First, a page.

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Social Change Courses @ Northeastern

Northeastern is a leader in experiential teaching, scholarship and activism that advance the solving of real-world problems. The following is a list of Spring 2023 courses that address social change and social justice.

For information about course requirements, please contact the college. Click on “filter” to sort by college or topic. For more about institutes and centers that address public problem solving, click here. To register for one of these courses, please visit the Northeastern Student Hub.

SOCIAL CHANGE COurses @ NORTHEASTERN

The following is a partial list that will be regularly updated. Notice something missing? Let us know at [email protected]

Courses

Courses: Social Change @ Northeastern

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  • Restorative Justice: Transforming the System

    Course Number: CRIM 2370

    Department: Criminal Justice (CRIM)

    Explores the roots of restorative justice and locates contemporary examples of its application in various settings in the United States and the world. Examines its utility in addressing the mass incarceration crisis and the current penal system and mode of punishment in the United States. Students practice and apply critical race and systems theories to use a systems lens to examine the impact of racism, sexism, gender discrimination, and other systems of oppression on behavior and the justice system.

  • Revolution, Civil War and Insurrection

    Course Number: POLS 3430

    Department: Political Science (POLS)

    Explores various types of conflict settlements and their implications for peace and reconciliation. Why do civil wars break out in some places but not others? What does it take to start a revolution? Why do some conflicts last decades, and what can be done to mitigate their costs? Examines why civil conflicts begin, how they are fought, and how they end. Substantive topics include strategies of insurgency and counterinsurgency; the role of ethnicity, religion, and gender; and the relationship between economic factors and conflict. Students leverage fundamental concepts and theories in comparative politics to analyze civil conflicts in a wide range of country contexts.

  • Revolution, Civil War, & Insurrection

    Course Number: INTL 3430

    Department: International Affairs (INTL)

    Explores various types of conflict settlements and their implications for peace and reconciliation. Why do civil wars break out in some places but not others? What does it take to start a revolution? Why do some conflicts last decades, and what can be done to mitigate their costs? Examines why civil conflicts begin, how they are fought, and how they end. Substantive topics include strategies of insurgency and counterinsurgency; the role of ethnicity, religion, and gender; and the relationship between economic factors and conflict. Students leverage fundamental concepts and theories in comparative politics to analyze civil conflicts in a wide range of country contexts.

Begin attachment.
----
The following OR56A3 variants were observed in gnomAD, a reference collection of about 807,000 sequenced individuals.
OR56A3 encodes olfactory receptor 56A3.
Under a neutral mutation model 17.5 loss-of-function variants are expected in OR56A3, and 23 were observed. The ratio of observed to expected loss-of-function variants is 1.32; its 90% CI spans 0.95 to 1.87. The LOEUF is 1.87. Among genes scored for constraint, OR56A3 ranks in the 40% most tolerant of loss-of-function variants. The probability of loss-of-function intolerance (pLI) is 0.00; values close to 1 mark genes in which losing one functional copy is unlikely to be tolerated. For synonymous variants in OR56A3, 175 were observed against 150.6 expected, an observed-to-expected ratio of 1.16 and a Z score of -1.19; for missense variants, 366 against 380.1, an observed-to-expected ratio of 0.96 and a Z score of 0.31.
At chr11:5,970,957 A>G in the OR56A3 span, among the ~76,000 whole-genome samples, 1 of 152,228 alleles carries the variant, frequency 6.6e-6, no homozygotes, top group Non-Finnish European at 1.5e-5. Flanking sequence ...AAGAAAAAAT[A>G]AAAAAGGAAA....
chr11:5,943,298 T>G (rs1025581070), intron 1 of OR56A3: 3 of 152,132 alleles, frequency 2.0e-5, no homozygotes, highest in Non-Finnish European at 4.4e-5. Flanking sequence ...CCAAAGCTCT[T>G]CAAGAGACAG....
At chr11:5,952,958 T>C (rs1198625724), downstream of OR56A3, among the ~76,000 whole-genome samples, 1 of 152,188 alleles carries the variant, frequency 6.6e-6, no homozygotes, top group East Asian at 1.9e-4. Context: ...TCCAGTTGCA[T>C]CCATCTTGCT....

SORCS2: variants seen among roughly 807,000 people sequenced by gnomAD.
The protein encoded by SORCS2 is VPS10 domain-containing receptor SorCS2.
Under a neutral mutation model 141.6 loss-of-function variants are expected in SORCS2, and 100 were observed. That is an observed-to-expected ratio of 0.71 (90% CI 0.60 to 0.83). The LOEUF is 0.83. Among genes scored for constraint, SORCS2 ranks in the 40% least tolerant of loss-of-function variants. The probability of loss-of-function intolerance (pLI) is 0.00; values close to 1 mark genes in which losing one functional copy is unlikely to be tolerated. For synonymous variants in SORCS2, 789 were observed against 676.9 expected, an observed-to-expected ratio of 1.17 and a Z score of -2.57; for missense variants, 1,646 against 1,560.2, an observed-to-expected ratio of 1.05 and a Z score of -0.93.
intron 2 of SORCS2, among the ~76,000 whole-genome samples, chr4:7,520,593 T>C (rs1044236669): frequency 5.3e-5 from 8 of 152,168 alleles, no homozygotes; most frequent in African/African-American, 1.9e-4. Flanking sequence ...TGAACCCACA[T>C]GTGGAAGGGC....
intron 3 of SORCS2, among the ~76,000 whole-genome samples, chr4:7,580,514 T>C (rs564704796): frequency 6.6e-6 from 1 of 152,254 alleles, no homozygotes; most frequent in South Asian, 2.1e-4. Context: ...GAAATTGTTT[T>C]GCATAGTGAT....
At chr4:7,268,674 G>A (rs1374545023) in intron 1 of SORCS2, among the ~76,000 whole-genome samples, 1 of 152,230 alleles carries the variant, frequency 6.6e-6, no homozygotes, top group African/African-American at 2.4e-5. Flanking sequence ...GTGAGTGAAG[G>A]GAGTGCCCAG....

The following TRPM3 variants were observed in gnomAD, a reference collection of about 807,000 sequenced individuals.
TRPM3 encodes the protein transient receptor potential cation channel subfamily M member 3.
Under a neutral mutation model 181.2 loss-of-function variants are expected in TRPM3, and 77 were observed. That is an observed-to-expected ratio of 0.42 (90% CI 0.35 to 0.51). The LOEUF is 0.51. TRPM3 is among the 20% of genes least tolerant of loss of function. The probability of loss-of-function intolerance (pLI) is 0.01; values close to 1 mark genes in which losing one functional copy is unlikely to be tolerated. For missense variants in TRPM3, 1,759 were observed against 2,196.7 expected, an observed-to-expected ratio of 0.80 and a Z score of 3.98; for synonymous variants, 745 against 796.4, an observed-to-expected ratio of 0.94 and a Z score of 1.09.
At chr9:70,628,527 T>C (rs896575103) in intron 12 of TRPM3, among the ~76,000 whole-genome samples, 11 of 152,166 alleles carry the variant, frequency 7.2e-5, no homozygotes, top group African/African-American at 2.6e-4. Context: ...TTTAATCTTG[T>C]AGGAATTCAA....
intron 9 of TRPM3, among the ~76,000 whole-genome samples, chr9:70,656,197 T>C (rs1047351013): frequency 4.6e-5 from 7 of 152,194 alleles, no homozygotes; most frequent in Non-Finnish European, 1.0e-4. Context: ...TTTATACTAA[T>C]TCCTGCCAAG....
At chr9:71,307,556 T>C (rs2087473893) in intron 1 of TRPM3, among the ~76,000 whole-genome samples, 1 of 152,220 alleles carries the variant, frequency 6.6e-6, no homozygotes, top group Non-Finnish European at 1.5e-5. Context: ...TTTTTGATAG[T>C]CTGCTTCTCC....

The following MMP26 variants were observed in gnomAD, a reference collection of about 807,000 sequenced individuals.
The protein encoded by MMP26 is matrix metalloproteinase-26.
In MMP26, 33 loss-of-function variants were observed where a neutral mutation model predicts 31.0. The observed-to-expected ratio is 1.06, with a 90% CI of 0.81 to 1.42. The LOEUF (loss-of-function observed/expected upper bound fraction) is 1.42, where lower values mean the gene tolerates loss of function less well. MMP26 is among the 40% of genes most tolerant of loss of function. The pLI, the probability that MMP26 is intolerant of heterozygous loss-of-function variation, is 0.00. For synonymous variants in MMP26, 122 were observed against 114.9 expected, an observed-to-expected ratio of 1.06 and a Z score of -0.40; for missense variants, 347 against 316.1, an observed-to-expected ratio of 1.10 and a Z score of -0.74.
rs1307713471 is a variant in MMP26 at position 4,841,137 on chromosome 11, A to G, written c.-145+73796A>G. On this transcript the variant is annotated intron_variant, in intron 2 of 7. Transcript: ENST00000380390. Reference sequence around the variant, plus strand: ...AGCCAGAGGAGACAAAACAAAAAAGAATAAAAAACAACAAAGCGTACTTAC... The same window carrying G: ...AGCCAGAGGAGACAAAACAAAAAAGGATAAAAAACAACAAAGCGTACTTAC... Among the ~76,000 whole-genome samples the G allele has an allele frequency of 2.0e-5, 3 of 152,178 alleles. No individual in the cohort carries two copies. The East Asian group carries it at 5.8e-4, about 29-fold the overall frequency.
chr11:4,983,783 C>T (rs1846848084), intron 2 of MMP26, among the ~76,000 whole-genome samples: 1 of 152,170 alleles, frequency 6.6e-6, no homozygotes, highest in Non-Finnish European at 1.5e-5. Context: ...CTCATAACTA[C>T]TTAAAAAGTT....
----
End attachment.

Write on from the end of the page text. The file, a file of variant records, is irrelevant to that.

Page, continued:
• Science Writing

    Course Number: ENGL 2650

    Department: English (ENGL)

    Science Writing: Origins, Ethics, and Emerging Genres

  • Seminar for Design Perspectives

    Course Number: ARTG 1002

    Department: Art – Design (ARTG)

    Explores common design practices, principles, and vocabularies, introducing the design process as a method of inquiry and problem solving through studio projects. Emphasizes the importance of an awareness of audience and context in the creation of meaningful communications and experiences. Explores the practice of design as an iterative process, offering students an opportunity to obtain an understanding of the value of systems thinking and the importance of feedback and exchange as a means for assessing the quality of design’s effectiveness in helping users achieve their goals.

  • Sex, Gender and the Law

    Course Number: WMNS/POLS/PHIL 3500

    Department: Women’s, Gender, and Sexuality Studies (WMNS), Political Science (POLS), Philosophy and Religion (PHIL)

    Examines the legal regulation of gender and sexuality. Investigates concrete legal cases to study the history of constitutional interpretation and the current status of rights for women and sexual minorities. Focuses on important theoretical issues emerging in the writings of diverse feminist and queer legal scholars. Addresses debates over the value of conventional equality approaches in legal doctrine; equality vs. difference perspectives; ways in which legal language constructs gender and sexuality; the incorporation of sexuality and gender in ideologies of law; and the intersections of gender, sexuality, and race in legal doctrine and legal theory. PHIL 3500, POLS 3500, and WMNS 3500 are cross-listed.

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